Monday, August 1, 2011
Shark Week - World's Oldest Bonnethead Shark at the Tennessee Aquarium?
O.K. shark fans, an interesting story surfaced off the coast of South Carolina recently which leads to the Tennessee Aquarium. It's a tale that begins in the Florida Keys nearly a quarter of a century ago. That's when Rob Mottice was beginning his career with the - yet to be opened - Tennessee Aquarium. "We drove a box van, like a U-Haul truck to near Marathon, Florida to pick up some bonnethead sharks. This was back in 1991 several months before the Aquarium opened in May of 1992," said Mottice. "It was a long drive back to Chattanooga and the sharks did great." Mottice said that two of the bonnetheads were about the same length which often indicates the animals are "in the same class," or about the same age. "The female had pups at the Aquarium later which leads us to believe she was about two years old when she got here. And we think the male was about the same age."
The male bonnethead is still swimming around in the Aquarium's Gulf of Mexico exhibit. If Mottice's estimate is correct, then this shark is 20 to 22 years old.
Far from being "long in the tooth," this shark is still a feisty fish. When volunteers enter the water to feed the Aquarium's and other reef fish in this exhibit, this shark is ready to chomp down on meals like a pup. "You still want to be quick while feeding this guy," said Mottice. "He's very quick and will occasionally nip at fingers if a diver doesn't release food fast enough."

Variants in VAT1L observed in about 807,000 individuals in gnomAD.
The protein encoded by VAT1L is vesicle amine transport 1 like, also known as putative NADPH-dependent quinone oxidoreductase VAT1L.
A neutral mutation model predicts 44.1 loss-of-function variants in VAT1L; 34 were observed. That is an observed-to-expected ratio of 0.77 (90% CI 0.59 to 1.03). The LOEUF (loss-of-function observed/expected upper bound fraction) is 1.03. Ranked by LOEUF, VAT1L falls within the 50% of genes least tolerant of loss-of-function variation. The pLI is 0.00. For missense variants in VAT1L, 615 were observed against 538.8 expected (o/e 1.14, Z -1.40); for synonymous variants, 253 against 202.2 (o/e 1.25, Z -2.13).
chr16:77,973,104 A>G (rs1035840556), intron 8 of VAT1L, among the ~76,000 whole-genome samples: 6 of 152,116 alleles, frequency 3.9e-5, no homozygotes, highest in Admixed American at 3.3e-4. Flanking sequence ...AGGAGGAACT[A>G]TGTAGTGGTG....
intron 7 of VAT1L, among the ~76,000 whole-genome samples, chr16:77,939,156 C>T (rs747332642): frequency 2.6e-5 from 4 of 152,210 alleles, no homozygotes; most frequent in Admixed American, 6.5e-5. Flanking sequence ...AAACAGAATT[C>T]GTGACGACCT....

According to fishbase.org, the maximum reported age of bonnethead sharks in the wild is twelve years. So a few eyebrows were raised recently when a significantly older bonnethead shark was recaptured off the coast of South Carolina by the South Carolina Department of Natural Resources Coastal Shark Survey Team. When this particular shark was originally tagged in 2002, it was already a full-grown adult. Through Vertebrae Ring Analysis, the age of this shark was determined to be 17 years old. Southern Fried Science, a science and nature website, reported the tagged shark as being the “World's oldest known bonnethead shark.”
Bryan Frazier, a marine biologist with the South Carolina Department of Natural Resources, believes that while the tagged shark was well beyond the average life span of around 15 years, there may be older bonnetheads in the sea. Frazier thinks that under-aging occurs in age and growth work. “It’s only when we have a long-term recapture such as this one, and a few others I have gotten over the years, that we see that these animals are really living longer than we first thought,” said Frazier. “I imagine as time goes on we will continue to encounter individuals that expand our knowledge.”
So is the Tennessee Aquarium's shark the world's oldest bonnethead? As far as Mottice knows, this guy holds the longevity record for members of this species on public display. "Obviously animals like this get excellent care. They get hand delivered, restaurant-quality groceries, volunteer divers routinely clean their home and they have an excellent health plan with regular house calls from our veterinarian."
Visitors can enjoy watching this "Grand-Daddy" of bonnetheads during Shark Week along with epaulette sharks in Stingray Bay and the sand tiger and sandbar sharks in the Secret Reef exhibit.